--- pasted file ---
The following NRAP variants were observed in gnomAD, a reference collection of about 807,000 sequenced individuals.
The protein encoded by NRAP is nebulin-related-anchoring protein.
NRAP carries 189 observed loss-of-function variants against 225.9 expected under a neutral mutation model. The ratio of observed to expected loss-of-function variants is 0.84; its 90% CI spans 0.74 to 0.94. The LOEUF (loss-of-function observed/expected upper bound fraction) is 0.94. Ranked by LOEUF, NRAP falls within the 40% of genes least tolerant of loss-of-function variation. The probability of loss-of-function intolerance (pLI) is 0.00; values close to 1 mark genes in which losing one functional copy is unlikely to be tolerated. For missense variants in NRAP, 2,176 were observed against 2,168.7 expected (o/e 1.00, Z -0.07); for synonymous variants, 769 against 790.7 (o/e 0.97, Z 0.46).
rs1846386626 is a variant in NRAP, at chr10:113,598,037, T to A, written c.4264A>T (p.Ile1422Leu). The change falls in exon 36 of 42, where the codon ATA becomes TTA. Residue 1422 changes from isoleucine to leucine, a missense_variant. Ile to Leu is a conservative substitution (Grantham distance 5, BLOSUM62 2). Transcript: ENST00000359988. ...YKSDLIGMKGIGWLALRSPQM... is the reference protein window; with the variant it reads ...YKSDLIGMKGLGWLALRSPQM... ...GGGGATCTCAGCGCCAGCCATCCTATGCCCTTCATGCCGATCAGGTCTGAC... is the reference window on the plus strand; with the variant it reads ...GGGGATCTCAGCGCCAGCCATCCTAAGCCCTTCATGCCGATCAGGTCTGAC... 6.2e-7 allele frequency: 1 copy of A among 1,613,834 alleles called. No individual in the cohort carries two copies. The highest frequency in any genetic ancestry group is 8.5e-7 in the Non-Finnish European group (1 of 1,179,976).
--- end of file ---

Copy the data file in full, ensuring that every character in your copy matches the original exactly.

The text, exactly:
The following NRAP variants were observed in gnomAD, a reference collection of about 807,000 sequenced individuals.
The protein encoded by NRAP is nebulin-related-anchoring protein.
NRAP carries 189 observed loss-of-function variants against 225.9 expected under a neutral mutation model. The ratio of observed to expected loss-of-function variants is 0.84; its 90% CI spans 0.74 to 0.94. The LOEUF (loss-of-function observed/expected upper bound fraction) is 0.94. Ranked by LOEUF, NRAP falls within the 40% of genes least tolerant of loss-of-function variation. The probability of loss-of-function intolerance (pLI) is 0.00; values close to 1 mark genes in which losing one functional copy is unlikely to be tolerated. For missense variants in NRAP, 2,176 were observed against 2,168.7 expected (o/e 1.00, Z -0.07); for synonymous variants, 769 against 790.7 (o/e 0.97, Z 0.46).
rs1846386626 is a variant in NRAP, at chr10:113,598,037, T to A, written c.4264A>T (p.Ile1422Leu). The change falls in exon 36 of 42, where the codon ATA becomes TTA. Residue 1422 changes from isoleucine to leucine, a missense_variant. Ile to Leu is a conservative substitution (Grantham distance 5, BLOSUM62 2). Transcript: ENST00000359988. ...YKSDLIGMKGIGWLALRSPQM... is the reference protein window; with the variant it reads ...YKSDLIGMKGLGWLALRSPQM... ...GGGGATCTCAGCGCCAGCCATCCTATGCCCTTCATGCCGATCAGGTCTGAC... is the reference window on the plus strand; with the variant it reads ...GGGGATCTCAGCGCCAGCCATCCTAAGCCCTTCATGCCGATCAGGTCTGAC... 6.2e-7 allele frequency: 1 copy of A among 1,613,834 alleles called. No individual in the cohort carries two copies. The highest frequency in any genetic ancestry group is 8.5e-7 in the Non-Finnish European group (1 of 1,179,976).